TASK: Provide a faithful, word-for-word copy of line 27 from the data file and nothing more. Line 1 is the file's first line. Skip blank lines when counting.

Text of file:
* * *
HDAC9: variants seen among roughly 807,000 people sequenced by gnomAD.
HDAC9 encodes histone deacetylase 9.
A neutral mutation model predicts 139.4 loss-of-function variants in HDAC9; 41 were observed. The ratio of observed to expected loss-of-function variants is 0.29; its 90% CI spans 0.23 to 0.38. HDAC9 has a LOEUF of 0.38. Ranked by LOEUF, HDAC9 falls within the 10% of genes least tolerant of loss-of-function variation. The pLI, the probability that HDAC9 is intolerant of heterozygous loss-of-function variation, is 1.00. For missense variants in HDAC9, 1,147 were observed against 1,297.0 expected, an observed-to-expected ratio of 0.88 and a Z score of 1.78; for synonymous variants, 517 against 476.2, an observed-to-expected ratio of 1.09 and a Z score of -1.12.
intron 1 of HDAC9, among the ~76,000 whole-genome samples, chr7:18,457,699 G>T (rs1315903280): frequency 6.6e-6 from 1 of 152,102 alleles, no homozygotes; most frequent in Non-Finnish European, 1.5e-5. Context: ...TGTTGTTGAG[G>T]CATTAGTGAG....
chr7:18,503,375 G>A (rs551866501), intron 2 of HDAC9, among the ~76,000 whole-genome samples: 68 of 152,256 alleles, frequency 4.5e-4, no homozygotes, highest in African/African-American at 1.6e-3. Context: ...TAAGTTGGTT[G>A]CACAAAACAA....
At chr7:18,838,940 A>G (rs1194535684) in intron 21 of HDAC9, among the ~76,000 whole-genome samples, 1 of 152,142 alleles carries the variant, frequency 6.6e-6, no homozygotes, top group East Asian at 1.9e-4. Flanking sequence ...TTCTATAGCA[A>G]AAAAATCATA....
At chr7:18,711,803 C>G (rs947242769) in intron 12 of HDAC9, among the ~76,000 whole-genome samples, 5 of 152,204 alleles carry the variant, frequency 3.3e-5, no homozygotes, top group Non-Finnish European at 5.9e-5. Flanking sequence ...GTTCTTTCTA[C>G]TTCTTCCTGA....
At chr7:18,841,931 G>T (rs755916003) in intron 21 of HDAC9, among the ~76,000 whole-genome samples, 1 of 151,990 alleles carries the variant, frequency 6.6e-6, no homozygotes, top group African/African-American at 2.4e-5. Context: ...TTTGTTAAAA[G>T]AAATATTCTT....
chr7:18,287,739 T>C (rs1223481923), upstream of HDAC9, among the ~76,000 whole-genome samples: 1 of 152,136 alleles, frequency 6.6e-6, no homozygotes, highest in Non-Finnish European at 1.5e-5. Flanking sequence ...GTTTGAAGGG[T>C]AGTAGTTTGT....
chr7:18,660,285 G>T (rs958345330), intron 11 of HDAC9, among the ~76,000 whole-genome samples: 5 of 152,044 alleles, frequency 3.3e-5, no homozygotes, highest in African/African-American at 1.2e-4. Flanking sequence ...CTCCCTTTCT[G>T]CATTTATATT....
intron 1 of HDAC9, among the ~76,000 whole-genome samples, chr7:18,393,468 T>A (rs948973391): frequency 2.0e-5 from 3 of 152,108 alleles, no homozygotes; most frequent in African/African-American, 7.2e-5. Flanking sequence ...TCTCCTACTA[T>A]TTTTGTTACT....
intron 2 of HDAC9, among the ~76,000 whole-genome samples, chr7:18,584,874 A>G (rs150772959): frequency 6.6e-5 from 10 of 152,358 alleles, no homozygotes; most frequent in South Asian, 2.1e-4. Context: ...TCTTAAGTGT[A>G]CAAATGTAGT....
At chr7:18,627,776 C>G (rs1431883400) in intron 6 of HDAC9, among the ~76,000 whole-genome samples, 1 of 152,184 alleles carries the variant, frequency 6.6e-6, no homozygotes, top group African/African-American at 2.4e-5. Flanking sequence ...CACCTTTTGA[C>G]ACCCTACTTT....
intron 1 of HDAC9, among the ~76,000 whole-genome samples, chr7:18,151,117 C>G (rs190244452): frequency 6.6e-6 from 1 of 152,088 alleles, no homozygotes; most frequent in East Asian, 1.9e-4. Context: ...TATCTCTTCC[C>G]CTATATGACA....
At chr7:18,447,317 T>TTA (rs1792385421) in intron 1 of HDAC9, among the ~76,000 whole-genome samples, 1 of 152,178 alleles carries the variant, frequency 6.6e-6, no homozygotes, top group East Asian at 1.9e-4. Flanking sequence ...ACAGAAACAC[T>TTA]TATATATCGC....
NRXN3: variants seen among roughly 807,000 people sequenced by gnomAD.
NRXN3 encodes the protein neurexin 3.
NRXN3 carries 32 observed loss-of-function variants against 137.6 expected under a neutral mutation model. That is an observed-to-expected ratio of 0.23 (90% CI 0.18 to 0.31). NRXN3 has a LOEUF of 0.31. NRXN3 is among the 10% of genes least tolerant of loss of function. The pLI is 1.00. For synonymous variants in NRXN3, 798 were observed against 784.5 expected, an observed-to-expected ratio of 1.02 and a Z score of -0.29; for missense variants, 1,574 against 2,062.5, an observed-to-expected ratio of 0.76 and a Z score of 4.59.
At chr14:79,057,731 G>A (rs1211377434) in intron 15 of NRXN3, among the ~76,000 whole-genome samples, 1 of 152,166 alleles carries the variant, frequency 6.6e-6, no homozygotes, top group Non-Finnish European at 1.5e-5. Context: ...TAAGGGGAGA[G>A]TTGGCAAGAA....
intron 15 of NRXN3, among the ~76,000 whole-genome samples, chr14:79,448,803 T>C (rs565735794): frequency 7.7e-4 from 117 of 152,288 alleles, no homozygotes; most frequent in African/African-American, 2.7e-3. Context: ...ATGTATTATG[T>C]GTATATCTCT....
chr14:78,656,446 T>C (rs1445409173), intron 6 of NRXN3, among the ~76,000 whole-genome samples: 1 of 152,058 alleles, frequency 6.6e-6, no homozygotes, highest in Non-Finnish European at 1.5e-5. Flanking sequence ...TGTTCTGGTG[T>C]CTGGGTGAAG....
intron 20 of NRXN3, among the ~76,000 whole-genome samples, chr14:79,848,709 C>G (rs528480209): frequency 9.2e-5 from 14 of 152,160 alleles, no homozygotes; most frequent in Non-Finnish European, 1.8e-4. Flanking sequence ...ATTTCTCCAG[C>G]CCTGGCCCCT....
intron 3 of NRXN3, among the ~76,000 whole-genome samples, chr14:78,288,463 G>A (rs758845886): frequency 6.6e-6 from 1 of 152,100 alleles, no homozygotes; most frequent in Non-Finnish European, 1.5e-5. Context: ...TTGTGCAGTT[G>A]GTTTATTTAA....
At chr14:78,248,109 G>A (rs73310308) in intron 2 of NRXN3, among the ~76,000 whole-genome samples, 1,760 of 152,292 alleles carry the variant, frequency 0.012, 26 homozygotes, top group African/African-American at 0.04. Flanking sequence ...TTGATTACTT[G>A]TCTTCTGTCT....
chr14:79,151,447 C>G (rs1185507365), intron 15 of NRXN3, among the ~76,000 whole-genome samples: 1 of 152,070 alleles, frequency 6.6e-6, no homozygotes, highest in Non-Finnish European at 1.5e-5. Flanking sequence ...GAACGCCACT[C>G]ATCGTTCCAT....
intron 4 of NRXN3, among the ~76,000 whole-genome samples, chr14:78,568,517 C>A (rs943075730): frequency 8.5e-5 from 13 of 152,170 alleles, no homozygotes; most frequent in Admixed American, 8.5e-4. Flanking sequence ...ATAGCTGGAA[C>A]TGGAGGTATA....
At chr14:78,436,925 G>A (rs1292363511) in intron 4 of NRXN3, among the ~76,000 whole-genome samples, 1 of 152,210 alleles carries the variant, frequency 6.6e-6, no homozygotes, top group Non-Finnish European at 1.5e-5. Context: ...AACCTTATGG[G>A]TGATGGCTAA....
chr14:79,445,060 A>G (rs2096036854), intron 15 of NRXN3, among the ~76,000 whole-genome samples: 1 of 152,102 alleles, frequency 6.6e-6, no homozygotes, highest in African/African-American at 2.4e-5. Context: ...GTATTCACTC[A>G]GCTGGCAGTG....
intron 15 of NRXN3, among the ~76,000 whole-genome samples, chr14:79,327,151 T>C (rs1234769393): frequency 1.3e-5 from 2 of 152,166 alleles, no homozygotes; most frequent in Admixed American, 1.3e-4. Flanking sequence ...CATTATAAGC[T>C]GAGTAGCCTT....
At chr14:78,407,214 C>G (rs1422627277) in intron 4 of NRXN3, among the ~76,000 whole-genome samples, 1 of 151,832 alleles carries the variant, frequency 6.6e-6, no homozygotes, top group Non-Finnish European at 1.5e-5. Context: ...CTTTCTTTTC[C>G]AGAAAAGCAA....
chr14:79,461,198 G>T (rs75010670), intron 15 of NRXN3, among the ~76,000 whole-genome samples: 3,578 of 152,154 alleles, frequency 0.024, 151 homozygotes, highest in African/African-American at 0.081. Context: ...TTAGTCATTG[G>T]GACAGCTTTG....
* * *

At chr14:78,436,925 G>A (rs1292363511) in intron 4 of NRXN3, among the ~76,000 whole-genome samples, 1 of 152,210 alleles carries the variant, frequency 6.6e-6, no homozygotes, top group Non-Finnish European at 1.5e-5. Context: ...AACCTTATGG[G>A]TGATGGCTAA....